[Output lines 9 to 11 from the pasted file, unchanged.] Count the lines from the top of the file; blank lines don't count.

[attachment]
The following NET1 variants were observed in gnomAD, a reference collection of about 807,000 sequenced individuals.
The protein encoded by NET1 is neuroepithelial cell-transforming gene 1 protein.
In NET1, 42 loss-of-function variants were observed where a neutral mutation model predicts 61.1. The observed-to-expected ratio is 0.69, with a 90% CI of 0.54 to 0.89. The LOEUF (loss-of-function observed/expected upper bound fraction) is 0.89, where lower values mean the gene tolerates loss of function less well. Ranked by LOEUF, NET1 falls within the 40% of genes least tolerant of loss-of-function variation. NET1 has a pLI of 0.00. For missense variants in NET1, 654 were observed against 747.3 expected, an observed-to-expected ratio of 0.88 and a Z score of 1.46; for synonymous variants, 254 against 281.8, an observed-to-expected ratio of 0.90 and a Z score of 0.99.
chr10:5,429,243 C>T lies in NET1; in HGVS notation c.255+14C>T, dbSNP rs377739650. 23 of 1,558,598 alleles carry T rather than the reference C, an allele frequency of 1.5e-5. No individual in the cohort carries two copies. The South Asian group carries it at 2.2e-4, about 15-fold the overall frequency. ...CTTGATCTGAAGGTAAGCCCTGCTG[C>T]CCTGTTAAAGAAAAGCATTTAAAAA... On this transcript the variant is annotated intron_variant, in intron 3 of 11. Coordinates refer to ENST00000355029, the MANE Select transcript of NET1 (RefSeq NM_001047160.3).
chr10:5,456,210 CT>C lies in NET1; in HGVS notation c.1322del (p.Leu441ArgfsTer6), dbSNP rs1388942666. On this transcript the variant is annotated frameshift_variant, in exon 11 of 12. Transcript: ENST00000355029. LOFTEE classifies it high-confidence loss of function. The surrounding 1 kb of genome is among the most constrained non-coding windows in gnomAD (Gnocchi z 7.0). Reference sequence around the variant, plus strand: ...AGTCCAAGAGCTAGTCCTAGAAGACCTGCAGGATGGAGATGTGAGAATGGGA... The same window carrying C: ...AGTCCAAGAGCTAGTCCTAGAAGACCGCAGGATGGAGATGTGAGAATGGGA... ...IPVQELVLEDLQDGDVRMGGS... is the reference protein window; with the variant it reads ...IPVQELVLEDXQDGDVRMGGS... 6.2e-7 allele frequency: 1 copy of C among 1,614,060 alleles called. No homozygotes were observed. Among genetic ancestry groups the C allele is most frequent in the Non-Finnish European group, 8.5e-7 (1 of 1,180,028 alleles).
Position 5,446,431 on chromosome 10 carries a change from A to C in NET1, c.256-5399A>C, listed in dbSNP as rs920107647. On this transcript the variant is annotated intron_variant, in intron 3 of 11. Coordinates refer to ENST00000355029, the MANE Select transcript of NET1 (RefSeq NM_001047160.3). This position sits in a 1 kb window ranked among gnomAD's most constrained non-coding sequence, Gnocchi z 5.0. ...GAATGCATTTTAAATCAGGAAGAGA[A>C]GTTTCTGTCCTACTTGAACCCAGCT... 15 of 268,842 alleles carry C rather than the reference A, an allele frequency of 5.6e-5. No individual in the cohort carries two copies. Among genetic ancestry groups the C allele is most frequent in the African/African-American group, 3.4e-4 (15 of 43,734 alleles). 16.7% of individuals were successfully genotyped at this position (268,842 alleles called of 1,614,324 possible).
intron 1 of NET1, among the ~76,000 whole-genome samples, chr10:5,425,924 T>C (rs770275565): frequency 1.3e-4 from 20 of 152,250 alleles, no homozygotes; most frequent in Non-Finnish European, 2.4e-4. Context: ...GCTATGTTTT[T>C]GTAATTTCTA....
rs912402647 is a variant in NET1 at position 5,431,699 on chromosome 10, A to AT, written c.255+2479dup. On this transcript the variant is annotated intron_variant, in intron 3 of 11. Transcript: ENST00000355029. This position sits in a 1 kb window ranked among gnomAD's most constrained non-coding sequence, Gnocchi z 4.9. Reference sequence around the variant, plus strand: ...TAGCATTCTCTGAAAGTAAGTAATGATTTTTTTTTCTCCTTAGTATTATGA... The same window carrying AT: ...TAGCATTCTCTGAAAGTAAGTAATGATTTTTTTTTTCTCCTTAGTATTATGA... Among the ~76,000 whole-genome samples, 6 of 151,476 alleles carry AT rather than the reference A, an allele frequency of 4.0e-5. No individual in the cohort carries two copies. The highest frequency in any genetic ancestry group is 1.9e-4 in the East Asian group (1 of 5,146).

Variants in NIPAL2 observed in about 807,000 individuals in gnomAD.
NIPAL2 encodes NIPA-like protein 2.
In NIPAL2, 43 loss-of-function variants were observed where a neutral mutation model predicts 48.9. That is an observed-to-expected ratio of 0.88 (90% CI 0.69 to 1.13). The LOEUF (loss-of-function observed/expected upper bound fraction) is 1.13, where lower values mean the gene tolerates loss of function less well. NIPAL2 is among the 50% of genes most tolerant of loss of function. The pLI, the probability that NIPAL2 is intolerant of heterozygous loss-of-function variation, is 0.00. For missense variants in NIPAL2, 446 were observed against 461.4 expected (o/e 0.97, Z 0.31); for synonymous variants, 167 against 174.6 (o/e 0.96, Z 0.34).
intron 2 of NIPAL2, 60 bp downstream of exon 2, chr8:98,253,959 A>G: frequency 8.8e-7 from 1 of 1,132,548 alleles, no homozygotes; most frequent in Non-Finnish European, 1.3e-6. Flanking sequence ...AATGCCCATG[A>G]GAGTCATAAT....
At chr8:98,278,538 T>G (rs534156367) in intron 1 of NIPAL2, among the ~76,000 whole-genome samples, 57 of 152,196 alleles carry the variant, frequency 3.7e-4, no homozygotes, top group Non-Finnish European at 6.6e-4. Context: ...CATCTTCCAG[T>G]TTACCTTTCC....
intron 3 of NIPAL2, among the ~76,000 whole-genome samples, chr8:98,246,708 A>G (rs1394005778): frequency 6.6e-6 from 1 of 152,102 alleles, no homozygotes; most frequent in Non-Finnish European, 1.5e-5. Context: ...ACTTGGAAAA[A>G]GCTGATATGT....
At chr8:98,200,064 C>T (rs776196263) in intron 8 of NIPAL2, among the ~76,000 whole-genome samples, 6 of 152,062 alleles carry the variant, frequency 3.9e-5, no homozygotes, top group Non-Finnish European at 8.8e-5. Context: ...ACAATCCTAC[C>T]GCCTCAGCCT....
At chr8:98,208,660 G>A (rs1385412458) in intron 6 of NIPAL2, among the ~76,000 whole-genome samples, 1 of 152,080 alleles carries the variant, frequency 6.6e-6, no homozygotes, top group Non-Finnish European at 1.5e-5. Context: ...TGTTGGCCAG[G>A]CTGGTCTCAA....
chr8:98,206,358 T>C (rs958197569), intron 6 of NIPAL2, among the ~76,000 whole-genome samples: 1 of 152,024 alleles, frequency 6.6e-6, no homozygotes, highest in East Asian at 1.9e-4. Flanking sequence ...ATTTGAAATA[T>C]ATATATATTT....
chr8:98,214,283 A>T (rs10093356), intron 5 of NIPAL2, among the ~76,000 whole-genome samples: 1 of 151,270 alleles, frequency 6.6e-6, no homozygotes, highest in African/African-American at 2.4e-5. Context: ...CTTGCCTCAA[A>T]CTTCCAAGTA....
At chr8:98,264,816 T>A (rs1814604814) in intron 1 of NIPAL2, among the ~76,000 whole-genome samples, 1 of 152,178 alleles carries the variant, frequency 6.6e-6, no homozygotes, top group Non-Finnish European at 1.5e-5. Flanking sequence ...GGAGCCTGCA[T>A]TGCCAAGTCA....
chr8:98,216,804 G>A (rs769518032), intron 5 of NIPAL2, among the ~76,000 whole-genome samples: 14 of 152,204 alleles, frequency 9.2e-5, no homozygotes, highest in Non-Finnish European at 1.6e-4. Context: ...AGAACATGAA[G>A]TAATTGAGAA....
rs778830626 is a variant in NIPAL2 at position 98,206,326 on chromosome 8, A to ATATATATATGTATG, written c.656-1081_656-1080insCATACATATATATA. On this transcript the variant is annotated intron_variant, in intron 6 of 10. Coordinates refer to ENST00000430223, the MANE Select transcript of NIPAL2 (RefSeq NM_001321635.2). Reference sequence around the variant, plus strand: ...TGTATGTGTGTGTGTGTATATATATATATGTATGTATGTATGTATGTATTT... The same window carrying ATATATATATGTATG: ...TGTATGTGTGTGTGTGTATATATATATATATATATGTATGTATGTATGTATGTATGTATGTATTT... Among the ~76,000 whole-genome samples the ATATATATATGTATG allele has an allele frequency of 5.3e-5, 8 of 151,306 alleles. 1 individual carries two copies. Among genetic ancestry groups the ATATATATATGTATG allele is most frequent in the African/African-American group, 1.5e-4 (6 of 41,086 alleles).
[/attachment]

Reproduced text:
Variants in NIPAL2 observed in about 807,000 individuals in gnomAD.
NIPAL2 encodes NIPA-like protein 2.
In NIPAL2, 43 loss-of-function variants were observed where a neutral mutation model predicts 48.9. That is an observed-to-expected ratio of 0.88 (90% CI 0.69 to 1.13). The LOEUF (loss-of-function observed/expected upper bound fraction) is 1.13, where lower values mean the gene tolerates loss of function less well. NIPAL2 is among the 50% of genes most tolerant of loss of function. The pLI, the probability that NIPAL2 is intolerant of heterozygous loss-of-function variation, is 0.00. For missense variants in NIPAL2, 446 were observed against 461.4 expected (o/e 0.97, Z 0.31); for synonymous variants, 167 against 174.6 (o/e 0.96, Z 0.34).